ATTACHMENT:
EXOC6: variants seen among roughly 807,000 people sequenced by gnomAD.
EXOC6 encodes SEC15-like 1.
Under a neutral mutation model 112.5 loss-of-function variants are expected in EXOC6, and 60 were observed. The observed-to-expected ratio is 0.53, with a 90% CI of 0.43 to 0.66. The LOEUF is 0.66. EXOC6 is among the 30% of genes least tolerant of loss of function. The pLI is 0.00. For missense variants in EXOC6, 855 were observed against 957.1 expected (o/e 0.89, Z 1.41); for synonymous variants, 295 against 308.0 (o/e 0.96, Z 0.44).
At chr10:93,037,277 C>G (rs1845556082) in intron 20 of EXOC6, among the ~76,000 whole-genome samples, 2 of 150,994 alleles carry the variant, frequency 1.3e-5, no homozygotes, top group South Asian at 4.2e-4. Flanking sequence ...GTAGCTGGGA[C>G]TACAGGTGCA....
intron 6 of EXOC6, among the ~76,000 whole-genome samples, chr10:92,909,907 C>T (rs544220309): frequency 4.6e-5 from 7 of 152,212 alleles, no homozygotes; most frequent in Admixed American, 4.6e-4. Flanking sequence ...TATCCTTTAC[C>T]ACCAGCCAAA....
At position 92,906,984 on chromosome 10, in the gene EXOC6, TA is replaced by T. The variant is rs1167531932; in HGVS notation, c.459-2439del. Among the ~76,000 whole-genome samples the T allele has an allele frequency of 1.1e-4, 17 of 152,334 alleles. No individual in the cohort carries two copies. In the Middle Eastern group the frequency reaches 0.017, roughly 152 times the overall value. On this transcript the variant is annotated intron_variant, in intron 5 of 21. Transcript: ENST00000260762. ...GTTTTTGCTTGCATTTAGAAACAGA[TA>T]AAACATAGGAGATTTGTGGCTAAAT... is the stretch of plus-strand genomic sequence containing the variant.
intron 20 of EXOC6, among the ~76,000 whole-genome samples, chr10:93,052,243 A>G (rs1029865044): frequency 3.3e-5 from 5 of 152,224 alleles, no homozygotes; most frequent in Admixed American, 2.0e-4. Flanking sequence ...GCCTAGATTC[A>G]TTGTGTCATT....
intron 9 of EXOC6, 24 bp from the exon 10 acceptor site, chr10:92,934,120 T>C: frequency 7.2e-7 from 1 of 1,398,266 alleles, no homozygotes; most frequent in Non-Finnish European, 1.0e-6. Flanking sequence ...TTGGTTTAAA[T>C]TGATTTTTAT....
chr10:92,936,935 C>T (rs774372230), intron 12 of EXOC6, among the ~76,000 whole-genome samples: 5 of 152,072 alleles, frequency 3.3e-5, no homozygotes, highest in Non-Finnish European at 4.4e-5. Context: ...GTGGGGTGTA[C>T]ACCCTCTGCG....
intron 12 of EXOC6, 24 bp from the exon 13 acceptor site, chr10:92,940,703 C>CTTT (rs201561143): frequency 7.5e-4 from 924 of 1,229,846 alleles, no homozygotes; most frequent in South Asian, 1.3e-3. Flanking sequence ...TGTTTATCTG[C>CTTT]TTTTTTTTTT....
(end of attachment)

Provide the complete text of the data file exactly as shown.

EXOC6: variants seen among roughly 807,000 people sequenced by gnomAD.
EXOC6 encodes SEC15-like 1.
Under a neutral mutation model 112.5 loss-of-function variants are expected in EXOC6, and 60 were observed. The observed-to-expected ratio is 0.53, with a 90% CI of 0.43 to 0.66. The LOEUF is 0.66. EXOC6 is among the 30% of genes least tolerant of loss of function. The pLI is 0.00. For missense variants in EXOC6, 855 were observed against 957.1 expected (o/e 0.89, Z 1.41); for synonymous variants, 295 against 308.0 (o/e 0.96, Z 0.44).
At chr10:93,037,277 C>G (rs1845556082) in intron 20 of EXOC6, among the ~76,000 whole-genome samples, 2 of 150,994 alleles carry the variant, frequency 1.3e-5, no homozygotes, top group South Asian at 4.2e-4. Flanking sequence ...GTAGCTGGGA[C>G]TACAGGTGCA....
intron 6 of EXOC6, among the ~76,000 whole-genome samples, chr10:92,909,907 C>T (rs544220309): frequency 4.6e-5 from 7 of 152,212 alleles, no homozygotes; most frequent in Admixed American, 4.6e-4. Flanking sequence ...TATCCTTTAC[C>T]ACCAGCCAAA....
At position 92,906,984 on chromosome 10, in the gene EXOC6, TA is replaced by T. The variant is rs1167531932; in HGVS notation, c.459-2439del. Among the ~76,000 whole-genome samples the T allele has an allele frequency of 1.1e-4, 17 of 152,334 alleles. No individual in the cohort carries two copies. In the Middle Eastern group the frequency reaches 0.017, roughly 152 times the overall value. On this transcript the variant is annotated intron_variant, in intron 5 of 21. Transcript: ENST00000260762. ...GTTTTTGCTTGCATTTAGAAACAGA[TA>T]AAACATAGGAGATTTGTGGCTAAAT... is the stretch of plus-strand genomic sequence containing the variant.
intron 20 of EXOC6, among the ~76,000 whole-genome samples, chr10:93,052,243 A>G (rs1029865044): frequency 3.3e-5 from 5 of 152,224 alleles, no homozygotes; most frequent in Admixed American, 2.0e-4. Flanking sequence ...GCCTAGATTC[A>G]TTGTGTCATT....
intron 9 of EXOC6, 24 bp from the exon 10 acceptor site, chr10:92,934,120 T>C: frequency 7.2e-7 from 1 of 1,398,266 alleles, no homozygotes; most frequent in Non-Finnish European, 1.0e-6. Flanking sequence ...TTGGTTTAAA[T>C]TGATTTTTAT....
chr10:92,936,935 C>T (rs774372230), intron 12 of EXOC6, among the ~76,000 whole-genome samples: 5 of 152,072 alleles, frequency 3.3e-5, no homozygotes, highest in Non-Finnish European at 4.4e-5. Context: ...GTGGGGTGTA[C>T]ACCCTCTGCG....
intron 12 of EXOC6, 24 bp from the exon 13 acceptor site, chr10:92,940,703 C>CTTT (rs201561143): frequency 7.5e-4 from 924 of 1,229,846 alleles, no homozygotes; most frequent in South Asian, 1.3e-3. Flanking sequence ...TGTTTATCTG[C>CTTT]TTTTTTTTTT....